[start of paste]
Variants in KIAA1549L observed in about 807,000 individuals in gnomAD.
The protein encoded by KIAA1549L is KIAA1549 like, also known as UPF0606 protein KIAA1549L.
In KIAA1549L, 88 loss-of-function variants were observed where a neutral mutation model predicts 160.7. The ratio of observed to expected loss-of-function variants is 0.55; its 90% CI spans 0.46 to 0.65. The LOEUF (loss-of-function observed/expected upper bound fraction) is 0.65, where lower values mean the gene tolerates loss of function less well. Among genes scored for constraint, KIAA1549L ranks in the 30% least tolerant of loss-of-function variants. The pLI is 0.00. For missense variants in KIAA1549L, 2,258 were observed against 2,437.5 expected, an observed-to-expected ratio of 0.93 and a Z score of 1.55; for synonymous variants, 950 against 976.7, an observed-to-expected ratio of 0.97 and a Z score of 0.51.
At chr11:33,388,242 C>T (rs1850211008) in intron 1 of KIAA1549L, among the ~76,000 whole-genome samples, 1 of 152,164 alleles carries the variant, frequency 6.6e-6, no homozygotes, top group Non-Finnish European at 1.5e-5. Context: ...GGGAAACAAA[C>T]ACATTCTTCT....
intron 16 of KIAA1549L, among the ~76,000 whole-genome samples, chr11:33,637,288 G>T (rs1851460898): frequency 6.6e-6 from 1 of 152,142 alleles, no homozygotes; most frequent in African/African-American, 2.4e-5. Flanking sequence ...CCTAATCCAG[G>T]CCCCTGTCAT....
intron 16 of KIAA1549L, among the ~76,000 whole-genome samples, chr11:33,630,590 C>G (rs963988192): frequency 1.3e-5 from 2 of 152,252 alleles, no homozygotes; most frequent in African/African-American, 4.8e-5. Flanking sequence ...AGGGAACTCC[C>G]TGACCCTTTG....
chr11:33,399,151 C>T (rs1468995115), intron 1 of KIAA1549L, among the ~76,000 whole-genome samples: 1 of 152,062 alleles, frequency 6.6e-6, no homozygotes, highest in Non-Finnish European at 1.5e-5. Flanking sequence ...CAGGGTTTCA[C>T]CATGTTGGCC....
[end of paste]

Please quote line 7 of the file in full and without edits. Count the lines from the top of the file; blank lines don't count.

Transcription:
chr11:33,399,151 C>T (rs1468995115), intron 1 of KIAA1549L, among the ~76,000 whole-genome samples: 1 of 152,062 alleles, frequency 6.6e-6, no homozygotes, highest in Non-Finnish European at 1.5e-5. Flanking sequence ...CAGGGTTTCA[C>T]CATGTTGGCC....